The discovery goes back to the 18 CE when an explorer stumbled upon this eerie yet natural source of glowing light. He then used it as a source of light for the first military submarine. However, the glowing forests still remain an abstruse fact.
The glowing trees of Western Ghats are a rather beautiful sight and a by-product of Bioluminescent Fungi. Bioluminescence is a strange characteristic of terrestrial beings (Mycena in the given case) in which they produce light, mostly found in marine organisms. Remember the fluorescent plankton of Maldives?
When these forests are drenched during monsoons, these plants (possessing organic light emitting molecule “luciferin”, release light at a certain wavelength. These components find an abode on rotting barks, twigs and waving tendrils. The continuous emission of this light can only be witnessed during the night and sadly, leaves no room for validation during day time.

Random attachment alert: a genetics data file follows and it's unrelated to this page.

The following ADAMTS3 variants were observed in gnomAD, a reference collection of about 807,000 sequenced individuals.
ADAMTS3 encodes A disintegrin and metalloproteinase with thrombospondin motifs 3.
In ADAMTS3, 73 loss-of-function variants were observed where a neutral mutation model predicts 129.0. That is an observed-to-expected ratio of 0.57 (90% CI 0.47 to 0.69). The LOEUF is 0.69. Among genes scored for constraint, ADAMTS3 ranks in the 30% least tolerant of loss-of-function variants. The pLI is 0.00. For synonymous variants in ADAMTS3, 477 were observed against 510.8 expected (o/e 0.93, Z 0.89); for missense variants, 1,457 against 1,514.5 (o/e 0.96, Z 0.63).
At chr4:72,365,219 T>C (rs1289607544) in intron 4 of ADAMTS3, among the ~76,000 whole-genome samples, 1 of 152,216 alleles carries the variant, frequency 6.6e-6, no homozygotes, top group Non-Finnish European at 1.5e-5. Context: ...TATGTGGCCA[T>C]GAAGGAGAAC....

The best and the only way to spot such magnificence in the middle of nowhere is to turn down all the possible sources of light. If you are carrying torches, cell phones or a lantern for that matter, just shut it down. The intensity of light is dependant on the amount of oxygen in the atmosphere.
More than 33 species of Mycena are known to be bioluminescent, thus creating such a vast glow in the Western Ghats.
About the author:
Shewali loves to cook. She is mostly travelling; if not blabbering or gorging. That’s all folks!